Among the other six, the choice in a 10-team league should come down to who has the most upside, and by that criterion, Royster and Leshoure are the obvious standouts. Redskins coach Mike Shanahan can't stop raving about Royster, which I understand doesn't mean much given the source. Ever since Clinton Portis was done in Denver in 2003, Shanahan has played hot potato with his running backs, swapping them out from week to week and year to year. Still, his rushing scheme is productive enough that if he ever does settle on just one guy, that guy will be a Fantasy stud. And though I think Roy Helu's ability makes him more likely to be the guy who distinguishes himself from the others, the potential that I'm wrong and that Royster breaks out with a 1,300-yard season is high enough that I wouldn't want to be the dope that cuts him now. Leshoure, because of his continued brittleness, is in a similar situation in Detroit, but he's more like the Helu to Kevin Smith's Royster.

Granted, neither of those two is a can't-miss option, but how much can you reasonably expect from the other four? Even if Britt misses significant time to injury and suspension, Wright would still be competing for looks with Nate Washington, Jared Cook and Damian Williams in a passing attack that isn't so prolific to begin with. Baldwin's situation is about the same with the Matt Cassel-led Chiefs. Collie is already dealing with concussion issues and would be at best a tertiary receiving option for a rookie quarterback. And everything you read out of New England suggests Stevan Ridley is the far superior back to Vereen.

I'm not saying those four don't have their place in Fantasy, but they're clearly on a lower level than Blount, Royster and Leshoure.

I've been offered Greg Jennings for Darren Sproles in a 10-team points-per-reception league. I also have Ray Rice and Ryan Mathews. Should I take it or wait? -- @KurtisSpade (via Twitter)

SW: I'd be inclined to wait there. I understand why you'd want to spread the wealth to other positions, particularly in a shallower league, but it's not like going from Sproles to Jennings is an upgrade. In points-per-reception leagues, Sproles is more or less a stud.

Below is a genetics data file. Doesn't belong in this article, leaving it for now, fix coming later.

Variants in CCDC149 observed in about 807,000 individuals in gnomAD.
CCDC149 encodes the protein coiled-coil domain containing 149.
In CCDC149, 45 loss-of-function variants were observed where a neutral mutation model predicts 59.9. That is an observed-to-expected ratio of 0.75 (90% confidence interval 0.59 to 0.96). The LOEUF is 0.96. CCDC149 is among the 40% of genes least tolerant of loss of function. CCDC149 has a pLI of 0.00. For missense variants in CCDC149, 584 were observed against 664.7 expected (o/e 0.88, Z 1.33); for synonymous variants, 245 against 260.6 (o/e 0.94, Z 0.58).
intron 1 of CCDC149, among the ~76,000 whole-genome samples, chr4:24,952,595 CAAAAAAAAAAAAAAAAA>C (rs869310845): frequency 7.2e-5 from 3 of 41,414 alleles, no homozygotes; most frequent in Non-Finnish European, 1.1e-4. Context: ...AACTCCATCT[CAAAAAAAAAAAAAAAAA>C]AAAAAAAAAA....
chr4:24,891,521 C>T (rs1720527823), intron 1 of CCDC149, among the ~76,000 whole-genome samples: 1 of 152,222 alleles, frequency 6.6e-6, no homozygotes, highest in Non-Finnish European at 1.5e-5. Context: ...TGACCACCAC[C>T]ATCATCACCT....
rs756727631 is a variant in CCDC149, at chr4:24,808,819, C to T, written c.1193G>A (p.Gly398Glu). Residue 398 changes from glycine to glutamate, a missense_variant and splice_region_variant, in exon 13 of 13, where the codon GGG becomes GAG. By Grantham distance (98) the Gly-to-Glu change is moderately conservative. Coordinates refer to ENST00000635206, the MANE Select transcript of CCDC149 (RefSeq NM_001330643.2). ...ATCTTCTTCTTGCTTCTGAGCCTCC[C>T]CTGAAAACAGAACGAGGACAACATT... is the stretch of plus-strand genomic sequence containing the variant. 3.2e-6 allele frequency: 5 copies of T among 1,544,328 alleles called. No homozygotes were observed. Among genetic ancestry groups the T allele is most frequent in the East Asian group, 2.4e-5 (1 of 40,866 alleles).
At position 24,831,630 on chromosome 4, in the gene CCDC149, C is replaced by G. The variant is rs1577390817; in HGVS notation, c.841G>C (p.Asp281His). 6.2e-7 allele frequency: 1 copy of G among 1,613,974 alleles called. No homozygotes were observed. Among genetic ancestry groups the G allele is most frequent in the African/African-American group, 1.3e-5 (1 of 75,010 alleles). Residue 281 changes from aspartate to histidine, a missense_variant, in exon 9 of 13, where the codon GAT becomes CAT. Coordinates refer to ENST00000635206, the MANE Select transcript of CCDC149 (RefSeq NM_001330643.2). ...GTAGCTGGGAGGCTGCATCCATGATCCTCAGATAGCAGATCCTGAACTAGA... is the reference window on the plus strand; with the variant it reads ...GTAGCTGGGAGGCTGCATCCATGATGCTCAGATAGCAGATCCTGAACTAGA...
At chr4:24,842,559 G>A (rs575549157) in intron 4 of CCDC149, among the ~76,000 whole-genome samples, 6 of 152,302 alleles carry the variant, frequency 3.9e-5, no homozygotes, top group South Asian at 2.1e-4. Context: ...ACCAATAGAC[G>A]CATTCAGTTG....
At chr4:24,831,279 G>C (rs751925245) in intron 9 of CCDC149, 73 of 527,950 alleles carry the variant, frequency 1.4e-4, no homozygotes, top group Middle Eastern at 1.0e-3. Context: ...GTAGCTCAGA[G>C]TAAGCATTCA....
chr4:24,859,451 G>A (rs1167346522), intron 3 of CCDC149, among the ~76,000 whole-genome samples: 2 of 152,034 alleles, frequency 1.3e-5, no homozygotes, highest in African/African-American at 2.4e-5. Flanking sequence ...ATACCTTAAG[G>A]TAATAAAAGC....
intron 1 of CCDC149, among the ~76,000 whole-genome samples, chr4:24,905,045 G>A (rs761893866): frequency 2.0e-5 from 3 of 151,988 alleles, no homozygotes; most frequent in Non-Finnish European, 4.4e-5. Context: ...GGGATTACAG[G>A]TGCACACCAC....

He's not even really a running back. He's a Wes Welker-type receiver who happens to come out of the backfield, and if you don't recognize the value of that sort of player in points-per-reception leagues, consider that Sproles was the fifth-ranked running back in those formats last year even though he accumulated only 603 yards on the ground.

Besides, Jennings' greatest asset, yards after the catch, is almost a drawback in points-per-reception leagues. More productive receptions means fewer receptions, which means fewer points. Would you believe Jennings, for as long as he's been a high-end Fantasy option, has had only one 80-catch season in his career? See for yourself. I'm not making it up.

Granted, penalizing a player for being more productive with his catches seems kind of backward, but no one ever said points-per-reception leagues were a more adequate reflection of real football. They are what they are, and being what they are, the occasional statistical oddity will result.

Because few Fantasy owners take the time to understand those oddities, a player like Jennings is as overvalued in a points-per-reception league as a player like Sproles is undervalued. If the other guy offered you Larry Fitzgerald, it'd close the gap a bit, but I'd still probably stand pat just to see what happens with Mathews and his collarbone. Even when he returns, you might discover he's the lesser option of the two.

Stay in touch with the most passionate Fantasy staff in the business by following us via Twitter @CBSFantasyFB or Facebook . You can also follow Scott via Twitter @CBSScottWhite .

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Player News
Report: Rams among teams interested in trade for Eagles' Foles
by Michael Hurcomb | CBSSports.com
(11:02 am ET) Teams are beginning to show interest in Eagles quarterback Nick Foles, as reports are surfacing Philadelphia is unsure of what to do with the third-year quarterback, per NJ.com. A source said the Rams have interest in Foles should the Eagles choose to trade him this offseason. 

The Titans and Texans have also been mentioned as teams that would have interest in Foles, if he hits the trade market.